Emergency Contraception

Emergency contraception can prevent pregnancy if used soon after having sex. It can be used after unprotected sex, or if another method of birth control is used inconsistently (such as missing two or more birth control pills) or fails (like if a condom breaks).

Emergency contraception comes in two forms: the copper intrauterine device (IUD) and emergency oral contraception, also known as the morning after pill in brand names such as Plan B and ella.

Copper IUD

The most effective form of emergency birth control is the copper IUD – ParaGard is the only brand currently available in the United States. A trained clinician or a doctor here at the Comprehensive Women’s Health Center can insert the IUD into the uterus within five days after unprotected intercourse to prevent pregnancy.

The copper in the IUD has three advantages over oral emergency contraceptive pills.

  1. Its pregnancy prevention rate of 99.01 percent is about 10 times more effective than oral emergency contraceptives.
  2. It can be inserted up to five days after sex and still be effective.
  3. Once a woman has a copper IUD inserted for emergency purposes, it will prevent pregnancy for up to 12 years, reducing the chances of unintended pregnancies, something an oral emergency contraceptive doesn’t accomplish after its one use.

Copper ions are toxic to sperm and can damage the sperm’s motility or ability to move toward the egg. This prevents fertilization from occurring, preventing pregnancy.

Are IUDs safe?

Oral Medication

Plan B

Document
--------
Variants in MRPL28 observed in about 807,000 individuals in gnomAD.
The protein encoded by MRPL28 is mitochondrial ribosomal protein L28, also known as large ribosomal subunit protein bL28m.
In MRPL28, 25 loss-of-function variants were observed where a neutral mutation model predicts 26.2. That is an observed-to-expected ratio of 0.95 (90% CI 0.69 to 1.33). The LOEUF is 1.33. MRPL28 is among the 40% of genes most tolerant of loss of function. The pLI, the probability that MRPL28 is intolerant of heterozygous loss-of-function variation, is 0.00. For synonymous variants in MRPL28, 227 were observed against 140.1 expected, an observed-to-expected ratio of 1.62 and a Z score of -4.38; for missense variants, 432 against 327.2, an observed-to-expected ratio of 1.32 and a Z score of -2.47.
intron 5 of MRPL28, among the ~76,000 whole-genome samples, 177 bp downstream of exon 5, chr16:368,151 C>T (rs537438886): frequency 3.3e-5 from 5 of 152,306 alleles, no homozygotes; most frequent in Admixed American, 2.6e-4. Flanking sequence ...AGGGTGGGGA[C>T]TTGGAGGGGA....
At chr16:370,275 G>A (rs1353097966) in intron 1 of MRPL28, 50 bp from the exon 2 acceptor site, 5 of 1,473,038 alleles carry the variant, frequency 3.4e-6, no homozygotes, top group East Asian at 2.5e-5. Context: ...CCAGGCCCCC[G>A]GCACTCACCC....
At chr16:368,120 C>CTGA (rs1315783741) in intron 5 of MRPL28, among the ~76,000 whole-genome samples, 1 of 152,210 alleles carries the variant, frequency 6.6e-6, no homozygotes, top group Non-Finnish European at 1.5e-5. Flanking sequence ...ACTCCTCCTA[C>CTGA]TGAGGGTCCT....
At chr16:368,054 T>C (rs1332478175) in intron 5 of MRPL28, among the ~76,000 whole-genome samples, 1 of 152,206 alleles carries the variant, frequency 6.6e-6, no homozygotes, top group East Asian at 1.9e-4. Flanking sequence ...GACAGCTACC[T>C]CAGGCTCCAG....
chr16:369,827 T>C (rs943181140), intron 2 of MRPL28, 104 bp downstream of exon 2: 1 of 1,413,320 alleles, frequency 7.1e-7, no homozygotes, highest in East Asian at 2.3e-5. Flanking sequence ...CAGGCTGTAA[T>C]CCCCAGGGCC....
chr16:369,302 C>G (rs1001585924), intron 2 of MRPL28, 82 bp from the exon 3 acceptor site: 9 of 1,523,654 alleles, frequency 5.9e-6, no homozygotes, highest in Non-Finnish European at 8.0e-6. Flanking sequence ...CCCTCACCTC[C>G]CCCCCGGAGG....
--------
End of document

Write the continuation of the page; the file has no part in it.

The Plan B oral emergency contraceptive uses levonorgestrel, a progestin hormone commonly found in standard birth control pills. This form of emergency contraception is a higher dose of the normal birth control pill that can be taken up to five days after having unprotected sex, although the sooner it is taken, the more likely it will be effective. Plan B oral emergency contraceptive may also be less effective for women who are overweight or obese.


ella oral emergency contraceptives use ulipristal acetate to delay ovulation. Available by prescription only, ella can be taken up to five days after having unprotected sex. It is generally more effective than progestin-only emergency contraceptives like Plan B when taken during or near ovulation or when taken on the fifth day after unprotected sex. ella oral contraceptives are more effective for overweight or obese women than products like Plan B.

Emergency contraception (the morning after pill) and the copper IUD will not terminate a pregnancy if it has already occurred. The morning after pill should not replace routine methods of birth control. The copper IUD can be left in place after its emergency use as a long-acting form of contraceptive.

Birth control resources

Anyone of any age can buy the ParaGard copper IUD or Plan B and generic versions of the morning after pill over the counter (without a prescription). Unlike Plan B, ella requires a prescription, but can be purchased by anyone of any age who has obtained a prescription from a medical professional. ParaGard IUD requires a visit to a healthcare provider for insertion.

If you want to avoid pregnancy, ask your doctor or medical health provider to help you find an ongoing birth control method that will work for you.

Not Too Late

(888) NOT-2-LATE

Provides a searchable list of providers in your area who will write a prescription for emergency contraception.

Plan B

The manufacturer of Plan B One-Step morning after pill’s website, providing some good information about the emergency contraceptive pill.


Provides helpful information about the ella emergency contraceptive pill.


A resource for free and confidential birth control for women under age 25.
Located at Children’s Hospital Colorado, 720-777-BC4U.